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Washingtonpost.com Teams Up with Readers for Remix, by Tara Calishain

Image: Washington Post Remix

Text source: Information Today
Posted On December 12, 2005

Note: This text summarizes the expectations of an online project by the Washington Post, which is no longer active. The project is worth keeping in mind as a stepping stone and experiment to develop interesting tools for Web 2.0

The Washington Post Co. has launched a new site called Post Remix, described as “the Post’s official mashup center.” Available at http://blogs.washingtonpost.com/post_remix, Post Remix spotlights reader creativity with both washingtonpost.com RSS feeds and other streams of content The Post is making available. The site launched around mid-November, and that’s been plenty of time for interesting content to appear on it. A blog format provides an overview of reader-submitted projects, ordered by date. Among the spotlighted applications are a site that offers Amazon.com book suggestions based on washingtonpost.com content, automated text-to-speech podcasts of Post stories, and a “Tag Cloud” overview of washingtonpost.com content. All these applications use RSS feeds of washingtonpost.com content.


Ground Zero – Five Years Later

Image: SPI, dbox

Image and text source: Architectural Record

Note: This is a great resource offering several articles about design proposals for Ground Zero in NYC. Click on the above link to access all articles. It was published sometime in 2006.

Today, New Yorkers awoke to déjà vu. This crisp September morning, with fiercely white sunshine piercing a cloudless sky, was almost exactly like the day that greeted New Yorkers on September 11, 2001. While the similarity is uncanny, the platitudes are correct that the world is forever changed.

Words fail to fully communicate the experience of the terrorist attacks, and their transformative effect on society, politics, and the economy. Can the architecture that will replace and memorialize the Twin Towers fill the gaps?

We are getting closer to an answer. Despite the many conflicts about which commentators had forewarned us early on, Ground Zero’s rebirth inches toward reality. In the few weeks leading up to this fifth anniversary, news of progress has appeared with increasing frequency. Power switched hands, designs were revealed, steel was shipped. Ground Zero promises to be home to works by the generation’s most famous architects. That fact alone guarantees neither universal praise nor timelessness. But its completion will open a new chapter in which the public demands innovation and excellence throughout the built landscape, not just in rebuilding what’s lost.
ward reality. In the few weeks leading up to this fifth anniversary, news of progress has appeared with increasing frequency. Power switched hands, designs were revealed, steel was shipped. Ground Zero promises to be home to works by the generation’s most famous architects. That fact alone guarantees neither universal praise nor timelessness. But its completion will open a new chapter in which the public demands innovation and excellence throughout the built landscape, not just in rebuilding what’s lost.

Democrats Face Voter Questions in New Format

Text and image source: The News Hour

Note: We are definitely entering a new stage of mass opinion.  The fact that Youtube is playing a role in the next U.S. elections demonstrates the ease incorporation of web 2.0 in mainstream culture: the individual can apparently express opinions and be heard like never before, but how effective is this, really?  The analysts interviewed in the feature below express the outcome to be more or less business as usual as most candidates got to promote their own agendas, while immersing in new media culture.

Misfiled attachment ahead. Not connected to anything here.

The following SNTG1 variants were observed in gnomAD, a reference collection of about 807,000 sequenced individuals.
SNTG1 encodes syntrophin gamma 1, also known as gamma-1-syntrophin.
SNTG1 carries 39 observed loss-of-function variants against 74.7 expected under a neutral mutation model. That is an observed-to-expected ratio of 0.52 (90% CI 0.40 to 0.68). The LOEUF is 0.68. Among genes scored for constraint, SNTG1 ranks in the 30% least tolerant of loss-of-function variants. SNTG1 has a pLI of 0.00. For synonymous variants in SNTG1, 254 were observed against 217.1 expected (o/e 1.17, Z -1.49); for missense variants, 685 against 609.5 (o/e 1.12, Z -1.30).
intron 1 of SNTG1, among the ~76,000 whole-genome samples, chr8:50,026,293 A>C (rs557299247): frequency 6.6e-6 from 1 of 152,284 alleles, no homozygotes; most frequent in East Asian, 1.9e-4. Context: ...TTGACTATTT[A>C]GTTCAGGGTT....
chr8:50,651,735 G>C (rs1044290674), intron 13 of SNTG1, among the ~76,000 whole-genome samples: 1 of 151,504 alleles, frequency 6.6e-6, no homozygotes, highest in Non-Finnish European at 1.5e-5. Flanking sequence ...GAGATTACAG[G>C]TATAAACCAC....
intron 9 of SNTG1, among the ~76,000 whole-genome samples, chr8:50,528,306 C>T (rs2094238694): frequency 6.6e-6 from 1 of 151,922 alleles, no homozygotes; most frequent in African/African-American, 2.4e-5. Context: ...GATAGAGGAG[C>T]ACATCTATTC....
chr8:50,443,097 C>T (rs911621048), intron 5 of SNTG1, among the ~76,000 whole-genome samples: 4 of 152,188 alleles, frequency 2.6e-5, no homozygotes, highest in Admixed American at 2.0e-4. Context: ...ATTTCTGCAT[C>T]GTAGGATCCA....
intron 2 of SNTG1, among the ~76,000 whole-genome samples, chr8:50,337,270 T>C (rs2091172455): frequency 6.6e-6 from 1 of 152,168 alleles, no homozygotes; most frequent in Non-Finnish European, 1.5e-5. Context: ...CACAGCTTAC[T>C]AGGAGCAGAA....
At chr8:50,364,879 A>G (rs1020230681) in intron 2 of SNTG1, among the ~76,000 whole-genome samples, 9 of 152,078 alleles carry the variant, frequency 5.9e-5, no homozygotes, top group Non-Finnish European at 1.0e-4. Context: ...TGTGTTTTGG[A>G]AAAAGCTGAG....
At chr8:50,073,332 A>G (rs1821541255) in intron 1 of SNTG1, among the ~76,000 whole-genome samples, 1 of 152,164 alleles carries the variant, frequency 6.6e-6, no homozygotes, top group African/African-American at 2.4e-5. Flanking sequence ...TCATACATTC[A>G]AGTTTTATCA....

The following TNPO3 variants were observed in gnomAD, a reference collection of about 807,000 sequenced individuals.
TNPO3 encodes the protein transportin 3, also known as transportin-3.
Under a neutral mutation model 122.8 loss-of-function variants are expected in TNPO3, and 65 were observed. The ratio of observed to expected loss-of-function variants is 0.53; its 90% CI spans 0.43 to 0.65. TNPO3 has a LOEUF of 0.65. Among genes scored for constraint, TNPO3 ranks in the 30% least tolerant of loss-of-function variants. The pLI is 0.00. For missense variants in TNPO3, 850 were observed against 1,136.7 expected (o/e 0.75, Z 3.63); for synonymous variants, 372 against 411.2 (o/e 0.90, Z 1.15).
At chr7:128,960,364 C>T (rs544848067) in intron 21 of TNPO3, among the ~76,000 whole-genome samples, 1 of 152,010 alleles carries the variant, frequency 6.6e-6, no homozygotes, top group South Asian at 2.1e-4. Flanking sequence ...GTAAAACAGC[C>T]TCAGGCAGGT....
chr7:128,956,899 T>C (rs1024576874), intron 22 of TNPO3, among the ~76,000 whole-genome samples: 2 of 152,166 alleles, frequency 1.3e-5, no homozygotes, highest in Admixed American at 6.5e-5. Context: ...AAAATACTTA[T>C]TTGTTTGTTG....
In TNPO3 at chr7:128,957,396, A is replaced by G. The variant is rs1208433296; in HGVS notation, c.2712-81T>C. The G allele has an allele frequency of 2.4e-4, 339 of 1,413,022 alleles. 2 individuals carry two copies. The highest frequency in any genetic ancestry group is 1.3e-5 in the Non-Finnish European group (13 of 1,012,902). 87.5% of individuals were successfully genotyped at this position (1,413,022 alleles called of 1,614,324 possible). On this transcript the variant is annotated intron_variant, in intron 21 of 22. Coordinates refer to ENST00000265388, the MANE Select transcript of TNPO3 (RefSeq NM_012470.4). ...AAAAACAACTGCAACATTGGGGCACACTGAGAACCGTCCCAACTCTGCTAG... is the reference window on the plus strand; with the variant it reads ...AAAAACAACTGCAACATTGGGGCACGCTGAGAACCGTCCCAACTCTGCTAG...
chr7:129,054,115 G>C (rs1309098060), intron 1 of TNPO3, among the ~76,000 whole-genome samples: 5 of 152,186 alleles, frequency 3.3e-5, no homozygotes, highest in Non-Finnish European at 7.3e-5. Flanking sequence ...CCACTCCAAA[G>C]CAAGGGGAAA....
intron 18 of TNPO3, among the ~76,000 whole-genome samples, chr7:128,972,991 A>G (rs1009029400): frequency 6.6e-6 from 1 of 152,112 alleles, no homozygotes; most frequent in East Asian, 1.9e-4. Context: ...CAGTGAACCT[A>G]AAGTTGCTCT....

Democratic presidential hopefuls fielded questions directly from the voters Monday in a debate sponsored by CNN and the video sharing Web site YouTube. A reporter and political analyst discuss the candidates’ answers and new debate format.

GWEN IFILL: It was yet another candidates’ forum, but last night, the questions came from Internet-savvy Democrats.

REMY MUNASIFI, McLean, Virginia: My taxes put some kids through college, I can’t afford to send myself. Now, tell me, if you were elected president, what would you do to help?

GWEN IFILL: YouTube, the wildly successful Internet video-sharing service, joined with CNN to host the debate at the Citadel in Charleston, South Carolina. CNN screened 3,000 submissions. The ones that aired ranged from serious and emotional…

Read the entire feature at  The News Hour

Time for an Apple/Google Mash-up, by Arik Hesseldahl

Abbey Road ipod mash up

Image source: xlr8r.com
Text source: Business Week
AUGUST 31, 2006

Byte of the Apple

The two titans are drawing closer together. If they would just combine their offerings, they’d pose a real threat to Microsoft

I have an admittedly odd affinity for remembering TV advertisements I saw as a very young child. Sometimes those memories pop up when I least expect them.

Today I’ve been thinking of a spot that those of a certain age will remember well: Two guys walking, one eating chocolate, the other, inexplicably eating peanut butter out of a jar. They bump, and the chocolate drops into the jar. The rest, of course, has become marketing history, summed up by the jingle for Reese’s Peanut Butter Cups: “Two great tastes that taste great together.”

Funny, the ad comes to mind in the wake of an announcement that Google (GOOG) CEO Eric Schmidt is joining the board at Apple Computer (AAPL). It’s the latest indication these two Silicon Valley stalwarts are getting closer all the time. And the possibilities for cooperation between the two are legion.

Read the entire article at Business Week

Technology Helped Virginia Tech Students Connect After Tragedy, by Jeffrey Brown

Image source: Youtube
Text source: The News Hour

Originally Aired: April 18, 2007

JEFFREY BROWN: As events in Blacksburg, Va., unfolded Monday, the world saw this: video shot with a cell phone, taken by Virginia Tech student Jamal Albarghouti. The footage, run repeatedly on CNN, allowed the audience to hear the gunshots from Norris Hall, where 31 people, including the gunman, died.

CNN anchors then interviewed Albarghouti, referring to him as “our I-reporter,” part of a project encouraging viewers to submit what’s known as citizen journalism.

JAMAL ALBARGHOUTI, Virginia Tech Student and Reporter: I knew this was something way more serious. It was then when I decided to use my camera.

JEFFREY BROWN: In recent big stories from the 2004 tsunami, to the 2005 London subway bombings, TV news organizations have relied more and more on contributions from nonprofessional eyewitnesses.

In Blacksburg, ABC broadcast these cell phone images taken inside Norris Hall. Martin Clancy is senior producer for ABC News Digital.